Sometimes I stop what I’m doing and trace the contrails in the sky. I imagine little tiny faces peering out from windows swaddled in clouds as thick as condensed milk and I wonder…
There was a season in my career when it was necessary to travel to Las Vegas every week. While my colleagues enjoyed a short flight and a cocktail, I loaded my luggage into my BMW and drove seven hours across the desert and that was just one way. When asked I would say that I loved the landscape and time to be alone. I lied.
Sometimes I would stop what I was doing and trace the contrails in the sky.
My daddy was a small aircraft pilot who viewed flying a plane like riding a motorcycle or driving a sports car at high speeds. On our birthdays, we were invited to bring two friends on a scenic flight across the Kansas wheat fields. I always got sick.
When the President of the company I worked for finally asked why I preferred to drive rather than fly, I looked him straight in the eye and replied, “I have a significant temporary fear of flying.” There. I had said it. Thinking he could be of some help, he brought me a little booklet written with the intention of helping people like me overcome our angst. I remember my favorite line vividly, “The only thing there is to fear is the people on the plane.” Two weeks later 911 would come to pass. It’s a really good thing I loved my BMW.
But still, sometimes I would imagine little faces eating dinner on tiny plastic trays and I would begin to cry.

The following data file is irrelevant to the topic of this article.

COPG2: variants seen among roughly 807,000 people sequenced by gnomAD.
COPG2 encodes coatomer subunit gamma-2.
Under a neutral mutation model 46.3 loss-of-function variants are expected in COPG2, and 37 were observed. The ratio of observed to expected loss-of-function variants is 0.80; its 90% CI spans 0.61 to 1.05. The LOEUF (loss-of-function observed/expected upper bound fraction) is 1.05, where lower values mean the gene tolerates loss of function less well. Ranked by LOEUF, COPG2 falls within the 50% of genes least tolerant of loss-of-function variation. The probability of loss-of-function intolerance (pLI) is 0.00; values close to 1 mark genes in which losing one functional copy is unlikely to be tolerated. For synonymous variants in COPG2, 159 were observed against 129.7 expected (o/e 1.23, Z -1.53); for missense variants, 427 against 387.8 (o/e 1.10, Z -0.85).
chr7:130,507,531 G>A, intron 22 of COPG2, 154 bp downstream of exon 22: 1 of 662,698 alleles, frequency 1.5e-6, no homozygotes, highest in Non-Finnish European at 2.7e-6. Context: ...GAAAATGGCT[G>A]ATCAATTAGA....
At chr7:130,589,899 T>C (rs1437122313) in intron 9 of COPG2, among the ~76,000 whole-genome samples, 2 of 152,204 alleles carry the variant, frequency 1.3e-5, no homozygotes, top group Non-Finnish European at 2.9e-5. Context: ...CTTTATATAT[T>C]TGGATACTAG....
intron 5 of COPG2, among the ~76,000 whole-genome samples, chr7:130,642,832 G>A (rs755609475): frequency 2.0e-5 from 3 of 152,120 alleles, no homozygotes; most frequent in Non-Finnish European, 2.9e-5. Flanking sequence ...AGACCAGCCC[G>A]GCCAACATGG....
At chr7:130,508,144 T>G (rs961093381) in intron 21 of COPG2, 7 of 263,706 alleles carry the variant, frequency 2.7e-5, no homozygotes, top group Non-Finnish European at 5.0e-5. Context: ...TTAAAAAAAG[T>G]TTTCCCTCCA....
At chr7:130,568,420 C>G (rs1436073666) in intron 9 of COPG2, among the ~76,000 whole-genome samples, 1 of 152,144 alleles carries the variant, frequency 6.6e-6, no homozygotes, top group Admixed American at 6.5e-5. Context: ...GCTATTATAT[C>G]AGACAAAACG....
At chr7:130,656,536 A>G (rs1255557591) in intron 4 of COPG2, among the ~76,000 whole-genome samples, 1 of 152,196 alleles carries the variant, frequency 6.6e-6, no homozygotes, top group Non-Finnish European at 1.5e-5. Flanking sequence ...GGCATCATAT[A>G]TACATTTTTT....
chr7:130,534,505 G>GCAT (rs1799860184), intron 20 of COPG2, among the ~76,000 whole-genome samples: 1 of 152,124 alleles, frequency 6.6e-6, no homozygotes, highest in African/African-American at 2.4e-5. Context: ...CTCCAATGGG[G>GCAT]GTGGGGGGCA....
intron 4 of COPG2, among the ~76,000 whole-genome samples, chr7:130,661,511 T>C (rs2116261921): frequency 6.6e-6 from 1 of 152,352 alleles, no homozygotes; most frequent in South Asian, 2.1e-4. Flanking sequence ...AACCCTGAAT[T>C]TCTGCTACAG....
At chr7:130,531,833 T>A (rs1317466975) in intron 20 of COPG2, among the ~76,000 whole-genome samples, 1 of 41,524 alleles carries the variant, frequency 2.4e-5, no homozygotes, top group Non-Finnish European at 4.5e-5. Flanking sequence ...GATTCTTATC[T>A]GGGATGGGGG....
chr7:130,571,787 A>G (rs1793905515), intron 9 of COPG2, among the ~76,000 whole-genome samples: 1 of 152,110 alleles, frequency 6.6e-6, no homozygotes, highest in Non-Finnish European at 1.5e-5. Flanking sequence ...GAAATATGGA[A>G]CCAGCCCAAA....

There is nothing on this earth more tragic than fear. It steals the life we have, fretting in the moment, and robs us of the possibilities that only an unfettered mind can dream.
Then, just like that one Sunday, everything changed. I checked into my flight. I found my seat. And just as the door was about to close I de-boarded the plane. I sobbed from the other side of the fuselage all the way home wondering how I allowed my fear to get so completely out of control. Sometimes it takes severe mercy, a collision of doubt and faith, to change the trajectory of everything.
Two weeks later I was enrolled in a Fear of Flying course that took me four weekends to complete. Along with learning about “redundancies” and cabin pressure I discovered notebooks full about who I really am.
I think life is about the white streaks against the sky. Evidence that we come and go. That we are here and then we are not. That we chase our dreams and uncover our identities in distant corners and run to the arms of the ones we love no matter how complicated the journey or how far.
Across the world, or even, just there across the room, we sacrifice our fears, lay them bare and crack them open so that the very best of us can take wing and fly.
Over the last several years I have traveled throughout my beloved France…
to tiny villages that embody the essence of the mantra that has been my constant traveling companion—
Small Space. Big Life.
—And I have laid to rest my fears.
IMAGES CAPTURED: Saint-Paul-de-Vence, breathtaking ancient hilltop cemetery—Departement des Alpes-Maritimes, Provence-Alpes-Côte d'Azur, France